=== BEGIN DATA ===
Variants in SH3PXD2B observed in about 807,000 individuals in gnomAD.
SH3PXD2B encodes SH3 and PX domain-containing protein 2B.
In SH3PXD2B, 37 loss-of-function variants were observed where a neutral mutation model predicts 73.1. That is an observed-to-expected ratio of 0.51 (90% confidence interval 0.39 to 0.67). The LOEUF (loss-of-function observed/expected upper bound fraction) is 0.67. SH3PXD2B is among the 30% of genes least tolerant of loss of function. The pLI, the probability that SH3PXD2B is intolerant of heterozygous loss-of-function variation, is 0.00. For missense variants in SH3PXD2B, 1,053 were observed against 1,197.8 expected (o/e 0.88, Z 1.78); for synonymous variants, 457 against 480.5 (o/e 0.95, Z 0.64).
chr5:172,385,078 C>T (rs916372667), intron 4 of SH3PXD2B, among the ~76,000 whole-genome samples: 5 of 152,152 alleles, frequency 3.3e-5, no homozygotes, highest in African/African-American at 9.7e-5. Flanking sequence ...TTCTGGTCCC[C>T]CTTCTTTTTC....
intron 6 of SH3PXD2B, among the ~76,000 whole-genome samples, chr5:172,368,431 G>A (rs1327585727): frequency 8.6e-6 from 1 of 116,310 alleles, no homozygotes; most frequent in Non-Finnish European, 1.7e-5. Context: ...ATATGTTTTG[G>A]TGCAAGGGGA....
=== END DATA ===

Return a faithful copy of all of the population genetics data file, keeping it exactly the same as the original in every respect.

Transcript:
Variants in SH3PXD2B observed in about 807,000 individuals in gnomAD.
SH3PXD2B encodes SH3 and PX domain-containing protein 2B.
In SH3PXD2B, 37 loss-of-function variants were observed where a neutral mutation model predicts 73.1. That is an observed-to-expected ratio of 0.51 (90% confidence interval 0.39 to 0.67). The LOEUF (loss-of-function observed/expected upper bound fraction) is 0.67. SH3PXD2B is among the 30% of genes least tolerant of loss of function. The pLI, the probability that SH3PXD2B is intolerant of heterozygous loss-of-function variation, is 0.00. For missense variants in SH3PXD2B, 1,053 were observed against 1,197.8 expected (o/e 0.88, Z 1.78); for synonymous variants, 457 against 480.5 (o/e 0.95, Z 0.64).
chr5:172,385,078 C>T (rs916372667), intron 4 of SH3PXD2B, among the ~76,000 whole-genome samples: 5 of 152,152 alleles, frequency 3.3e-5, no homozygotes, highest in African/African-American at 9.7e-5. Flanking sequence ...TTCTGGTCCC[C>T]CTTCTTTTTC....
intron 6 of SH3PXD2B, among the ~76,000 whole-genome samples, chr5:172,368,431 G>A (rs1327585727): frequency 8.6e-6 from 1 of 116,310 alleles, no homozygotes; most frequent in Non-Finnish European, 1.7e-5. Context: ...ATATGTTTTG[G>A]TGCAAGGGGA....